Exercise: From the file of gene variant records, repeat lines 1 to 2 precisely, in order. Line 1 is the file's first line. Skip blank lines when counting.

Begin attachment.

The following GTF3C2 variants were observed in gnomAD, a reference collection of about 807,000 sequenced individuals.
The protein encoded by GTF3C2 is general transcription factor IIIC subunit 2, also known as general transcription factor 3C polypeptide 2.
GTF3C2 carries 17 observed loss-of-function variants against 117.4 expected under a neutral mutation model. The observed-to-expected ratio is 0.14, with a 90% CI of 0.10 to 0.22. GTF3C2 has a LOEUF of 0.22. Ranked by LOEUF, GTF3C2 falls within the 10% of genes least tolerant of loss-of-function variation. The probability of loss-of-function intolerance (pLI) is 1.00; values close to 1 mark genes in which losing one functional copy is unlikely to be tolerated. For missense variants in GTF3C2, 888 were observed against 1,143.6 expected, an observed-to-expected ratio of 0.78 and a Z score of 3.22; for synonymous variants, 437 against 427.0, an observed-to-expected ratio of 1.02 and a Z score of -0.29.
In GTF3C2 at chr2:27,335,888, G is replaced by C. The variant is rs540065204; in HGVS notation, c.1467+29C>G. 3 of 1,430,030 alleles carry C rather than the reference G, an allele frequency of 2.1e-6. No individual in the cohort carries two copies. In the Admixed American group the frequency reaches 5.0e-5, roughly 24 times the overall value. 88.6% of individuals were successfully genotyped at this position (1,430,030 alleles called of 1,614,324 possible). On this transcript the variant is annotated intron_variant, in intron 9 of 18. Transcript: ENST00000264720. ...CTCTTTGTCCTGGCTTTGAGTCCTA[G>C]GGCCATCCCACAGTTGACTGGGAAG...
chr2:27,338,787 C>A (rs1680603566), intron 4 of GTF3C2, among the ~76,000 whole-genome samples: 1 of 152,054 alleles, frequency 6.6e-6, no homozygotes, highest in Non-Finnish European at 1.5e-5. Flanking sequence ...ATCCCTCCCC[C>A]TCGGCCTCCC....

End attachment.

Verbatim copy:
The following GTF3C2 variants were observed in gnomAD, a reference collection of about 807,000 sequenced individuals.
The protein encoded by GTF3C2 is general transcription factor IIIC subunit 2, also known as general transcription factor 3C polypeptide 2.